The Bottom Line on Countries Suing US States
Friday, August 05, 2011 9:39 AM

It sounds crazy doesn't it? To think that a foreign country could sue a state within the sovereign country of the United States?

But it's happening.

In an effort to ensure their citizens are treated fairly in Alabama, 16 nations, including Mexico, filed briefs against the state’s controversial new immigration law that has already drawn fire from the U.S. Department of Justice.

I can understand why the DOJ has objections, it doesn't like being called out on the poor job it blatantly isn't doing due to its ideological goals of global citizenry. But a foreign country?

The attorney filing the brief, Edward Still wrote in the brief:

"Mexico has an interest in protecting its citizens and ensuring that their ethnicity is not used as basis for state-sanctioned acts of bias and discrimination,"

Well, if Mexico's citizens weren't here illegally, what would they have to worry about? That's the basis of the argument, Mexico knows that the people being targeted are Mexican citizens, because (pardon my grammar) they sure ain't American citizens!

Here are the details behind the law:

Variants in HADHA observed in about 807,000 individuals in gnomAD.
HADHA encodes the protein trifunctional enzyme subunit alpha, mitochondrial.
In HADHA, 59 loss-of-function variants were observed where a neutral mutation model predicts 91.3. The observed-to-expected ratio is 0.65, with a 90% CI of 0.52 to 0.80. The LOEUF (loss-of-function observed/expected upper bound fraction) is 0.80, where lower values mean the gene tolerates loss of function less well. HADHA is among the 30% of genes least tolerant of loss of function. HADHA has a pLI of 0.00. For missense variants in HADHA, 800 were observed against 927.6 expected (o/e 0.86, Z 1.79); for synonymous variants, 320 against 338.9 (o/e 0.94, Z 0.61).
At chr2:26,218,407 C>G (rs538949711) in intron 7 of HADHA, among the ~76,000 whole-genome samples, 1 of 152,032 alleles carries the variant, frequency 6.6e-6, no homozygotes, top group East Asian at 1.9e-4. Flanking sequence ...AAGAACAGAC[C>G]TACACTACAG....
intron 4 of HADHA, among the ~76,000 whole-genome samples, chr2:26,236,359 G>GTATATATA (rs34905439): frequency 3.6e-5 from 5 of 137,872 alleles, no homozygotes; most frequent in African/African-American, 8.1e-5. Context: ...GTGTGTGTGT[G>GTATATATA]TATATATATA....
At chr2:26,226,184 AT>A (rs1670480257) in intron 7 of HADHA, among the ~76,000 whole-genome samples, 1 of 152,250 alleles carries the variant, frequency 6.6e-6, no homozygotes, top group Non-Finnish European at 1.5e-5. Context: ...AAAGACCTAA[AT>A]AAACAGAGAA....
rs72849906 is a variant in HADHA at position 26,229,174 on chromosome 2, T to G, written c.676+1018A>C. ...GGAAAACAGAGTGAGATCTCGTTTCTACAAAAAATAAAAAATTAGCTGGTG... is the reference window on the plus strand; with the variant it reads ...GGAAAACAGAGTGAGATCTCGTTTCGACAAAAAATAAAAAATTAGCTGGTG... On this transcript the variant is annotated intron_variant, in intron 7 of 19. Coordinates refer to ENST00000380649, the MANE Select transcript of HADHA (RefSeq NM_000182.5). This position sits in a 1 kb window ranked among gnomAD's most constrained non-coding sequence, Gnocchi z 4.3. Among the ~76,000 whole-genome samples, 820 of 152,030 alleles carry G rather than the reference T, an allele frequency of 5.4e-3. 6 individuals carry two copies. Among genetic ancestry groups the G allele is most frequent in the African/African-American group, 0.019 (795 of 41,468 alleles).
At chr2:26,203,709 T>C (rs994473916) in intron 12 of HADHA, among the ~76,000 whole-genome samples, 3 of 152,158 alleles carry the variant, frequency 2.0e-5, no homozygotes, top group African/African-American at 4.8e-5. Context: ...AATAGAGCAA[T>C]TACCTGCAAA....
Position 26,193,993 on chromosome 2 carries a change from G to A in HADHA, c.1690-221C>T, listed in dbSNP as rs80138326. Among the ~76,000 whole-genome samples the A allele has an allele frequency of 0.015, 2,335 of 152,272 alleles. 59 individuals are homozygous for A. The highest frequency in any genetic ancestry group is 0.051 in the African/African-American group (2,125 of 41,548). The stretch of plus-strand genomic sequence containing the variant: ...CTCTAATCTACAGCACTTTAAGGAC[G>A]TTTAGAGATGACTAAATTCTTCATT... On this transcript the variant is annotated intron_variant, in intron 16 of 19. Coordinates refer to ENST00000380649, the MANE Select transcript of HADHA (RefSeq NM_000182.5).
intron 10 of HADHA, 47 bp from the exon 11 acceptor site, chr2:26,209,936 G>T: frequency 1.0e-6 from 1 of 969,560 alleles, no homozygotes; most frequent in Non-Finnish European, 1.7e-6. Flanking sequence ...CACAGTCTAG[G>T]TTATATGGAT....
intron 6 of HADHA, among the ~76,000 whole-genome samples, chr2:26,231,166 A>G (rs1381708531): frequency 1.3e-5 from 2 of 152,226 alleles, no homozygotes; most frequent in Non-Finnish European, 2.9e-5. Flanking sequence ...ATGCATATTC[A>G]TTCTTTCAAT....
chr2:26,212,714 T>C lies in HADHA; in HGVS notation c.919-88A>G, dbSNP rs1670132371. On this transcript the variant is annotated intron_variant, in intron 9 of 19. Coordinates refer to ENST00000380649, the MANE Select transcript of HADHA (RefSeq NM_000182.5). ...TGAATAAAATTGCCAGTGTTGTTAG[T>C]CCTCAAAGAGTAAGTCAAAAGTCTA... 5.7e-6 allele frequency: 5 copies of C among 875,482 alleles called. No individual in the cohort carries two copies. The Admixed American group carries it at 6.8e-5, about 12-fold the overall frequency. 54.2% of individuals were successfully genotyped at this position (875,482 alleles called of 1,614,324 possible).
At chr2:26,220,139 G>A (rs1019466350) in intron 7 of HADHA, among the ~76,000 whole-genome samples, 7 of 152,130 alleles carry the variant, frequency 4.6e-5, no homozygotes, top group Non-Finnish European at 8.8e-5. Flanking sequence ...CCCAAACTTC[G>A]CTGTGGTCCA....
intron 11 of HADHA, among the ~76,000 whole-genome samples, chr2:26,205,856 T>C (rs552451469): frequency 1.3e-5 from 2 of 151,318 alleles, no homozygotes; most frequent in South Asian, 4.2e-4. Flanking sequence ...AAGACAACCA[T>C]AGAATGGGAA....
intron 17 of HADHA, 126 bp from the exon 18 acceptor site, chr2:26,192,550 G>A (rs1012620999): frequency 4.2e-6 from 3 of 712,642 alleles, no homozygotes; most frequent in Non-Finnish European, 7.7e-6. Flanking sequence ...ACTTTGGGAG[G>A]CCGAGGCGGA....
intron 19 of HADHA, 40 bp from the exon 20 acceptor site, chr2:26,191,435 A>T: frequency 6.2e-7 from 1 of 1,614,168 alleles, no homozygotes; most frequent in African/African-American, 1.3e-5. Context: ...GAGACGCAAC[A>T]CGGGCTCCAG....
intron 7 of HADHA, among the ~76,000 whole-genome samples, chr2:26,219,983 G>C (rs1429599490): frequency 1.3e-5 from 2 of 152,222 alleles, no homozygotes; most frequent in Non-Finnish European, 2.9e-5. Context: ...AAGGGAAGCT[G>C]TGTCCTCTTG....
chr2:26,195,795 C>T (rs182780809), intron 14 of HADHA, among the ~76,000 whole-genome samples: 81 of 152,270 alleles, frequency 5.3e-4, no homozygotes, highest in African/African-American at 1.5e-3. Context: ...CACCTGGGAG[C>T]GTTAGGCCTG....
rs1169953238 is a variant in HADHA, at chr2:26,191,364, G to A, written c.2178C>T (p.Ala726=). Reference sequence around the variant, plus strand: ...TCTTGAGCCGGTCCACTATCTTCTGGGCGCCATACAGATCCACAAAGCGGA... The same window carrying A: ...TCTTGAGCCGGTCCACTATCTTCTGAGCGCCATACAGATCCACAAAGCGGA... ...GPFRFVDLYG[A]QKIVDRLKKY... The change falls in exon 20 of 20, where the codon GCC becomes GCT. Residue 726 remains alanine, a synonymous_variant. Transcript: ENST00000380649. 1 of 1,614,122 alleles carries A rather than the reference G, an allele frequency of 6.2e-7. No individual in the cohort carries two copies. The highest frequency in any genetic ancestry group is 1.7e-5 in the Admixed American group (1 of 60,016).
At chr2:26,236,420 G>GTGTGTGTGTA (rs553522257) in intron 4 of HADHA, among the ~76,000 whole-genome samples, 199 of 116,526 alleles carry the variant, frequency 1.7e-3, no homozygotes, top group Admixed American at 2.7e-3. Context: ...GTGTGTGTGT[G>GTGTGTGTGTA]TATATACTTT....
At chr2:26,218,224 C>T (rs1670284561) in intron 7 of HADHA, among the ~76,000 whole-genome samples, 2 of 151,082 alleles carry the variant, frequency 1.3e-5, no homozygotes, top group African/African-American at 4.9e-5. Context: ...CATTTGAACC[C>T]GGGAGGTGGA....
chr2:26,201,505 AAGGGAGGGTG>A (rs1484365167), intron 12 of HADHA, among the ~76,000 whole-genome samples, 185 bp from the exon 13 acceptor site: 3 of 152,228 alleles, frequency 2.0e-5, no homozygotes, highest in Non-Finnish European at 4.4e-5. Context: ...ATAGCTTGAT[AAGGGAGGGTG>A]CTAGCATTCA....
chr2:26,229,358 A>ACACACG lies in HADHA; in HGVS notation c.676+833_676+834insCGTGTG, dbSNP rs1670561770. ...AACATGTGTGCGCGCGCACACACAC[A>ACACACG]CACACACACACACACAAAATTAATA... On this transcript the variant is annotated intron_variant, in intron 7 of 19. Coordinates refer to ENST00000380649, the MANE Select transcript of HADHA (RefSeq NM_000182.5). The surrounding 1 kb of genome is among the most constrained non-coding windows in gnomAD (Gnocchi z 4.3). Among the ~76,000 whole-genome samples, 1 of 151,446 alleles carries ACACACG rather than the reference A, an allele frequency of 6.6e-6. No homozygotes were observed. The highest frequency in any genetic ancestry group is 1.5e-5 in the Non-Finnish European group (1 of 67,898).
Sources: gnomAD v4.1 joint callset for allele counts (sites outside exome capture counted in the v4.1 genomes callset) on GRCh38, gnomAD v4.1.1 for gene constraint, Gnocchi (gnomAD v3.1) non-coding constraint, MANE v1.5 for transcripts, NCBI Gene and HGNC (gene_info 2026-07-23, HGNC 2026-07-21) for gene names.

Gov. Robert Bentley signed the law naming it a crime to be an undocumented immigrant in Alabama and allowing law enforcement officials to detain individuals if they have a "reasonable suspicion" of being in the country illegally. The law also makes it illegal to give undocumented immigrants rides and requires school districts to check on the immigration status of students who enroll.

WOW! Requiring police officers and local officials to enforce the law? What a novel concept!

It is ridiculous to have to have such a law anyways. That's like making a law requiring police officers to arrest a murderer or thief. This double redundancy is only necessary because of the agenda of the Administration and it's DOJ, which are counting on the Hispanic vote to win elections. That's it. Right there.

The Justice Department argues that the states are overstepping their authority by wading into something that is a strictly federal responsibility: immigration enforcement.

The Bottom Line is this: Because the federal government REFUSES to enforce the immigration law of the land, the states are being forced to do something. And a law requiring the enforcement of a law isn't illegal, unlike the people being targeted by the law.


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